All right, I get it. The iPhone is certainly a leader in both terms of sales and product ingenuity. I have often been known to blast Apple for being late to a party, then claiming they are introducing some incredible new feature (see Spaces vs Virtual Desktops). I won't hide the fact that I am not a fan of Apple. Even so, the iPhone is truly something innovative. That is, it was the first to find a way to take the smartphone out of the hands of businessmen (and women) and place it in the hands of text-heavy teens and wired-in grandmas. I'm not here to argue that the iPhone shouldn't be dominant, and I'm not even here to say that most people shouldn't be happy with the functionality of their iPhone. Bottom line, it's a nice device.
However, after reviewing our "Why do you still have an iPhone" poll, I was really bothered by something I saw. While the overwhelming majority stated they have never owned one, 15% (as of June 21st) stated that they "love it." Normally on a site like Engadget or Gizmodo, I wouldn't be surprised if that number was much higher. But this is a site whose namesake and goal come from a movement that most users and followers agree is more than just a nice coding philosophy--it's something that has become a way of life. That's right, 15% of opensource.com readers say they have no reason to switch from arguably the most closed smartphone on the market.
Two or three years ago, it would be fully understandable. The crop of open source based phones was meager at best, and they hardly had anything near the featureset of the first iPhone. And despite the efforts of OSDC to reach outside of the techy world, it's well known that open source fans are generally very savvy with gadgets due to their technical backgrounds. So when the iPhone hit, the geeky wow-factor surely gave a compelling reason to have the device in your pocket--there simply wasn't another player in town. (And before too many comments come in regarding this statement, I was actually one of the first adopters of the Neo Freerunner. I ordered it on the first day of availability. It just wasn't ready.)
This situation has definitely changed. Not only are there two mainstream, Linux-based operating systems for smartphones in WebOS by Palm and Android by Google, there are multiple phones running one of the two for every major carrier--including AT&T.
So here's my argument: There is a more open device available on your favorite carrier right now. It is a device that does nearly everything your iPhone does (it can be argued that, due to the openness, you can do much more with Android and WebOS devices). With that in mind, as a fan of open source, how can you give your money to a company that actively prevents open source code from even being uploaded to their App Store? Why in the world do I know so many open source enthusiasts still lining up at each iPhone release? Why are those same people still preordering and pining for the next gadget from Cupertino? It's nothing short of mind-boggling.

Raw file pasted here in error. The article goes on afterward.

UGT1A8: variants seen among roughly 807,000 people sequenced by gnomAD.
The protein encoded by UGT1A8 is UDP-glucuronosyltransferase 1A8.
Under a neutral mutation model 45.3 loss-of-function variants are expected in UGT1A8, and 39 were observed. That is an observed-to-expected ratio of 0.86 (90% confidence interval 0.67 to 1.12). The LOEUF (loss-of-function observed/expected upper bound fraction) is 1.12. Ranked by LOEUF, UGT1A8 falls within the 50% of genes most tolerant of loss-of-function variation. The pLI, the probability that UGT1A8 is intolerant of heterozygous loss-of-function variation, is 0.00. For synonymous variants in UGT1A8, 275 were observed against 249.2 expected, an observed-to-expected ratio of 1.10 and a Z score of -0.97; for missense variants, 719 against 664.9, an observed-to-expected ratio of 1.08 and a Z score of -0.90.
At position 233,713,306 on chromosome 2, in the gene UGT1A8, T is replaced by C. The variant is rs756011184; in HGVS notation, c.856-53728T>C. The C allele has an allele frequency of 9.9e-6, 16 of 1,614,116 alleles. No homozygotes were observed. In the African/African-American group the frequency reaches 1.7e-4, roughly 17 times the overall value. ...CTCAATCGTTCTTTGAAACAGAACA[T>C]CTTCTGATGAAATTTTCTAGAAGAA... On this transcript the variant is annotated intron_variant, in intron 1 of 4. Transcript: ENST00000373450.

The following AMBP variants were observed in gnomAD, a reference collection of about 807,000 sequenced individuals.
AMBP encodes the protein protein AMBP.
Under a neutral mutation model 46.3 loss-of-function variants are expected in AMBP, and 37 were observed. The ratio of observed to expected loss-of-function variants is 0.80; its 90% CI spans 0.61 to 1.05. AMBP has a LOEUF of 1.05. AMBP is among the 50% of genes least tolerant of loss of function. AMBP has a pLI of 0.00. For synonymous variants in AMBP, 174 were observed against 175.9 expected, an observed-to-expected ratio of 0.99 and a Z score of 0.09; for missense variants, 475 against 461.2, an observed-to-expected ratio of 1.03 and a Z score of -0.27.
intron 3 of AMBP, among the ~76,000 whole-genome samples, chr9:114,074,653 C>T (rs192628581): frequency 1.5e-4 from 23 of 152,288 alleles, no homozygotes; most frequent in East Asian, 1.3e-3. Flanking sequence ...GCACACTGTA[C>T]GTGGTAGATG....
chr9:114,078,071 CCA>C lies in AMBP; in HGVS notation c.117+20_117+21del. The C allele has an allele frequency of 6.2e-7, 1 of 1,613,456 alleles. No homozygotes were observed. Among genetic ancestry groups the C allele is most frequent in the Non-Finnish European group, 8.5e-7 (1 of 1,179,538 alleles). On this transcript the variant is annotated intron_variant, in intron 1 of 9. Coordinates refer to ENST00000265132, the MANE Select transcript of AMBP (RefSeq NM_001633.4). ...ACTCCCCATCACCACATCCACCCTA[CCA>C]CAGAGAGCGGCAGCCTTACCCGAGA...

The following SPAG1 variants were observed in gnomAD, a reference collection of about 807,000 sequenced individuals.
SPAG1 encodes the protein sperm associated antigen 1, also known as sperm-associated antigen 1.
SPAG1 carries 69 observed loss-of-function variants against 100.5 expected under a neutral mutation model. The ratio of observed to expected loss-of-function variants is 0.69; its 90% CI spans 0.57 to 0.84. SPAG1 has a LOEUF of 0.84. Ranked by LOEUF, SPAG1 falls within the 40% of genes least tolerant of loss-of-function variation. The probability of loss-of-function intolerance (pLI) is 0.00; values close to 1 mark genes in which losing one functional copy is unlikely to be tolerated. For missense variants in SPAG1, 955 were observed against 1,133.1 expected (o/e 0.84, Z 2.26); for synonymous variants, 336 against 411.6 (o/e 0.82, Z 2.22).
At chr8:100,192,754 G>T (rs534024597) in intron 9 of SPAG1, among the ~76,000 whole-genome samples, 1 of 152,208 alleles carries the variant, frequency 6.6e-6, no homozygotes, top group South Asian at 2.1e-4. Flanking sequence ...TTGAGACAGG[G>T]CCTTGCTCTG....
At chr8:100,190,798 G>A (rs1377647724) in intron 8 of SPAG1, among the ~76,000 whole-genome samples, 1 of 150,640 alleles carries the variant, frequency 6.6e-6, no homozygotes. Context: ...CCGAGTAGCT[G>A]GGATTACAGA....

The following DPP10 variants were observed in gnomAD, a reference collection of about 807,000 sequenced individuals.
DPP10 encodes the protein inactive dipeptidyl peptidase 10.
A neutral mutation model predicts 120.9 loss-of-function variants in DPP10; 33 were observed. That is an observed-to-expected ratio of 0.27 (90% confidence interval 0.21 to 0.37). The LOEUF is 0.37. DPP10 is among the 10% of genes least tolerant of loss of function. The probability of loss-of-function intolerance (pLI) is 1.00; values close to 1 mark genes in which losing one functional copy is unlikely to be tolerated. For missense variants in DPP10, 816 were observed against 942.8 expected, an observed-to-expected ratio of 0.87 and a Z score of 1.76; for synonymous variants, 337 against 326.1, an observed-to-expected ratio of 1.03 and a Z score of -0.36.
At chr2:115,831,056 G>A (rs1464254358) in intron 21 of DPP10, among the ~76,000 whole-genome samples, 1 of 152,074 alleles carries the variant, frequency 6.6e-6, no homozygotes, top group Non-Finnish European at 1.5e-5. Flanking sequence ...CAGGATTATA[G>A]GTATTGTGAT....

To curb some of the ideas that I might be a misled open source sheep, I am under no delusions that Android and WebOS implementations on modern phones are 100% open source. I'm not simply an Android or WebOS fanboy. I am a fan of open source, and, given the current landscape, choosing a Linux-based device just makes sense given feature and function parity.
And that's my point. Surely the iPhone is the best phone for some people. However, we are a society that prefers choice because nothing is one-size-fits-all. There has to be a better phone for most than the iPhone. Sales are beginning to show this is true, as Android is quickly overtaking Apple. Yes, that has a lot to do with the proliferation of Android across 30+ mainstream devices and Apple having only one. Yet this goes to further my point: given the choice, you should go with the device that makes the most sense to you. As fans of open source, I cannot fathom how the iPhone can be an easy decision for you, the opensource.com reader.
So with that, I strongly urge you to really think about the statement you make when you drop $200+ on a device that is as closed as the iPhone. Voting with your wallet is one of the best ways to show support or disapproval for something. Maybe it's time to give some money to companies that let open source software live in the market, that allow alternatives to their proprietary software, and that don't have lock-in tactics. Barring business requirements, there is no real excuse to buying an iPhone if you are a fan of open source. Stop it.